Why Do you get a Hip Score?
Hip scoring is done to determine weather or not your dog has Hip Dysplasia which means abnormal development which may be inherited by future generations. Good hips are an indication of good build, and are therefore used as a requirement in quality breeding.
How do you Get a Hip Score?
Hip scoring is done by taking an X-ray of your dog’s hips once they are fully grown (usually around 18 months, but it can be done from 12 months). To do this you will have to make an appointment with your vet.
For the dog to hold still during this procedure they are put under a general anaesthetic.
The vet takes the X-ray to the Vet Board (with a cheque for 2000/-*) to be “scored”. Results are sent to the East Africa Kennel Club for recording on the dog’s registration and published in our newsletter.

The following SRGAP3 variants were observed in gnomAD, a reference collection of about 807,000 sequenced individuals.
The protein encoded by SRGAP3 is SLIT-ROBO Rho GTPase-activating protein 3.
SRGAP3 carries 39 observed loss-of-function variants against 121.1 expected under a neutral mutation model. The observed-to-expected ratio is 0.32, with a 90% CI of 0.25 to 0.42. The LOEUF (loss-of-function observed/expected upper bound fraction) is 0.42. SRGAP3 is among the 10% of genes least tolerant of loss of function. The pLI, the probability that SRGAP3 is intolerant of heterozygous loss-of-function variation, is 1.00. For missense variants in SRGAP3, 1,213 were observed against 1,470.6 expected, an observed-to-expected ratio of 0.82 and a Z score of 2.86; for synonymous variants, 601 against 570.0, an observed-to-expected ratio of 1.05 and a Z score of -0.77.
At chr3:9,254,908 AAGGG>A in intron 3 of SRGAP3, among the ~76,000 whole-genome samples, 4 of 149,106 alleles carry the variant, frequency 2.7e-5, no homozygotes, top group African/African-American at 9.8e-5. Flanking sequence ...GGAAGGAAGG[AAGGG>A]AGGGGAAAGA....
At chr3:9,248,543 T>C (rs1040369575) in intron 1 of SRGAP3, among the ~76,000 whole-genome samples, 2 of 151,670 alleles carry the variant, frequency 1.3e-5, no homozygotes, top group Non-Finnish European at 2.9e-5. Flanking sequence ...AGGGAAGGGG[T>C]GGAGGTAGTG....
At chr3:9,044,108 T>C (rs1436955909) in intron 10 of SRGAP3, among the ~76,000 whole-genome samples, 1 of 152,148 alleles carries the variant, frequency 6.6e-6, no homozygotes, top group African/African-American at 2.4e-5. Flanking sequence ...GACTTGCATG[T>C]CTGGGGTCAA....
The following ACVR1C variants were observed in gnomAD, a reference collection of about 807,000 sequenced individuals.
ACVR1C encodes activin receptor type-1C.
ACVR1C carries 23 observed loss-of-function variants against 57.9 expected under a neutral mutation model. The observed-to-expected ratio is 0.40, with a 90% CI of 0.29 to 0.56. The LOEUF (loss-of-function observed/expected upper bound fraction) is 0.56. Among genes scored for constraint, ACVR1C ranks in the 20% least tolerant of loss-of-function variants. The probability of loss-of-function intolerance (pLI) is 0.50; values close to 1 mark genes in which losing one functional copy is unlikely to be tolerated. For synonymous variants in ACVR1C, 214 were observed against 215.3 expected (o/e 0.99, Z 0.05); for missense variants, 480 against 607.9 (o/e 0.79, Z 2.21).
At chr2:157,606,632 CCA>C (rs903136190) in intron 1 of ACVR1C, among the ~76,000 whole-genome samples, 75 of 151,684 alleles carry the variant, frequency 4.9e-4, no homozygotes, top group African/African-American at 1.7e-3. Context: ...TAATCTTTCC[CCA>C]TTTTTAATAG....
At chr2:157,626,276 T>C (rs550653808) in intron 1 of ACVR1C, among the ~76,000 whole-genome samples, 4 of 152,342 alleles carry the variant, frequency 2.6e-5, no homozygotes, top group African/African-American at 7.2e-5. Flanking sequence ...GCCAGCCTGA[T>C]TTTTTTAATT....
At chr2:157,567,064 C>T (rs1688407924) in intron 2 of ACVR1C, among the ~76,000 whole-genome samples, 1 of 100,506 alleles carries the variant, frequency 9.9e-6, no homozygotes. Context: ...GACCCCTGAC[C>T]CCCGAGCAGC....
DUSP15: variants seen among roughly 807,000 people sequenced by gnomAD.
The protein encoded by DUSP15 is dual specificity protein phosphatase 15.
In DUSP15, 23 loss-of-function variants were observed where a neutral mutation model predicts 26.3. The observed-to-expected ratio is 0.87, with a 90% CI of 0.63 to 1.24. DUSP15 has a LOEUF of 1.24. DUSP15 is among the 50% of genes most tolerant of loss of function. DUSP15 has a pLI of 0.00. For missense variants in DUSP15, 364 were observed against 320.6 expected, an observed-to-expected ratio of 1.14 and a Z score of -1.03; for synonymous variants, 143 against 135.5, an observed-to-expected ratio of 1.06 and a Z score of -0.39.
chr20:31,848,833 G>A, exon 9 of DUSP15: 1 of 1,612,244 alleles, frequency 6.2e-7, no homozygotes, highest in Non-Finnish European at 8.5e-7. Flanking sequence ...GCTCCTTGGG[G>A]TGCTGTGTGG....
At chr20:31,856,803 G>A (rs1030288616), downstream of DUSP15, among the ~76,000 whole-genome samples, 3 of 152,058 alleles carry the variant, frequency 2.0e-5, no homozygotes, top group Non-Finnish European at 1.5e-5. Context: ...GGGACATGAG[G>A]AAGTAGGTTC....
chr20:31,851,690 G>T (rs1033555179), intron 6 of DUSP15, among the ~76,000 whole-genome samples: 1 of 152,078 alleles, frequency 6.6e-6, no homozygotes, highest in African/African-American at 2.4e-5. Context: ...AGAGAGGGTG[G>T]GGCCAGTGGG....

The vet board analyses the X-ray with a panel of experts and issues a “score” which is returned to you via the vet. Readings are done once a month.
What does the result mean?
A hip score is not something you want to get high marks for!
The hip score is the sum of the points awarded for each of nine aspects of the X-rays of both hip joints. The best (minimum) hip score is 0 and the worst (maximum) is 106 (53 for each hip). An average score is calculated for all breeds scored under the scheme and advice for breeders is to use only breeding stock with scores well below the breed mean score.
The minimum age for hip scoring is one year, and each dog is only ever scored once under the scheme.
Which breeds are screened under the Scheme?
It is generally accepted that hip dysplasia is more common in larger breeds, but any dog of any breed can be scored under the scheme. In Kenya The German Shepherd Dog League was the first to introduce the scheme but it was handed over the the EAKC when Rottweilers and Labradors were added.
*Charges are set by the vet board, and may be inaccurate.